Logan County, Idaho

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Logan County was a county in Idaho Territory and later the state of Idaho from 1889 to 1895.

Logan County was the subject of multiple controversies during its six-year existence. Alturas County, Logan County's parent county, was Idaho Territory's most politically powerful county in 1889, with 1/6th of all legislators residing within the county to include the lower House Chairman, Mr. H.Z. Burkhart of Hailey.[1] Burkhart naturally opposed an effort to create Logan and Elmore counties from the southern and western portion of Alturas County. Other members of the legislature ultimately were successful in passing the counties' organic legislation on February 7, 1889. Burkhart and J.P. Clough, Legislative Council President from Lemhi County, separately challenged the legality of the act creating Logan County, contending that a group of legislators from both houses reconvened after adjournment in an effort to pass the legislation. Their opponents contended that the gentlemen vacated their positions prior to adjournment, resulting in the selection of new leaders for both the House and Legislative Council. The Supreme Court of Idaho Territory ruled against the gentlemen and the U.S. Supreme Court affirmed the ruling on appeal.[2][3][4][5]

The creation of Logan County clearly marked a significant transition of political power going into the Statehood era. In the 1890 census, Logan County had an enumerated population of 4,169 across 16 precincts and Elmore County had 1,870 residents across 11 precincts, leaving Alturas with 2,620 residents across 15 precincts. Had the 1889 controversy been settled in favor of Alturas, it would have had 8,659 residents across 42 precincts and would have ranked as the 3rd most populous county behind Bingham and Latah counties.[6]

Shoshone, in present day Lincoln County was established as the temporary county seat by the 1889 statute. Later, Bellevue was selected as the county seat with only a majority of votes at the October 1, 1890 general election. County residents in Shoshone unsuccessfully challenged the validity of the election to the Idaho Supreme Court, claiming a 2/3 majority was required by the Idaho Constitution.[7]

The legislature again furthered the controversy on March 7, 1891 when it abolished Alturas and Logan counties, created Lincoln and Alta counties, and established Hailey and Shoshone as county seats. The Idaho Supreme Court ruled the act unconstitutional on June 3, 1891. This effectively restored Alturas and Logan counties with county seats at Bellevue and Hailey.[8]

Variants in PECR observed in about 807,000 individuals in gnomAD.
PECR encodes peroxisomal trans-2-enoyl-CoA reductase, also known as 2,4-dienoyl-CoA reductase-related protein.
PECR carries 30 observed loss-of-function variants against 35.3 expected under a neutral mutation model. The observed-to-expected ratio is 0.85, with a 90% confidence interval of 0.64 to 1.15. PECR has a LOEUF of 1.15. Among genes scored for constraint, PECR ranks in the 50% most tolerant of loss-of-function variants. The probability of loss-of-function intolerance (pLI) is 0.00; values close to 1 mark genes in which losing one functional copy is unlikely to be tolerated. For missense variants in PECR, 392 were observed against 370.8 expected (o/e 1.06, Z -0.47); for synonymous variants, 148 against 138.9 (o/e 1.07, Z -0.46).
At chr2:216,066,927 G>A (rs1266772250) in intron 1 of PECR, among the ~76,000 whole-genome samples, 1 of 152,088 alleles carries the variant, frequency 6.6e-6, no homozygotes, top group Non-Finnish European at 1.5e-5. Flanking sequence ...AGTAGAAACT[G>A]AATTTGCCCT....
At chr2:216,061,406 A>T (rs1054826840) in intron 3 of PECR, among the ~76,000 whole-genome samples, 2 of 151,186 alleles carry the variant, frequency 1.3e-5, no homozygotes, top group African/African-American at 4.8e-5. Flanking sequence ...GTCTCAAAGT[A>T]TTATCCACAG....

Finally, on March 5, 1895, the legislature succeeded at what it attempted to do in 1891 by combining Logan and Alturas Counties into a new county called Blaine with its county seat at Hailey. Two weeks later on March 18, Lincoln County was created from the southern portion of Blaine County, containing the exact boundary and county seat established in 1891. The Idaho Supreme Court again weighed in on the matter in 1896. This time, it held the creation of Blaine County to be constitutional, finalizing the abolishment of Logan County effective from the creation date of Blaine County.[9]

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References[edit]

  1. ^ "The Territory Thrives". Idaho Genealogy. Retrieved 29 January 2017. 
  2. ^ "Burkhart vs. Reed". Reports of Cases Argues and Determined in the Supreme Court of the Territory of Idaho: 470–488. March 11, 1889. 
  3. ^ "Clough vs. Curtis". Reports of Cases Argues and Determined in the Supreme Court of the Territory of Idaho: 488–495. March 11, 1889. 
  4. ^ "Clough vs. Curtis". FindLaw. Retrieved 29 January 2017. 
  5. ^ Bancroft and Victor, Hubert and Frances (1890). History of Washington, Idaho, and Montana: 1845-1889. San Francisco: The History Company. p. 578. 
  6. ^ Report on Population of the United States at the Eleventh Census: 1890. Washington: United States Census Bureau. 1895. pp. 99–100. 
  7. ^ "Doan vs. Board of Commissioners of Logan County". Idaho Reports. 2: 781–790. February 1891. 
  8. ^ "People vs. George". Idaho Reports. 2: 813–839. June 3, 1891. 
  9. ^ "Blaine County vs. Heard". Idaho Reports. 3: 6–8. August 4, 1896. 

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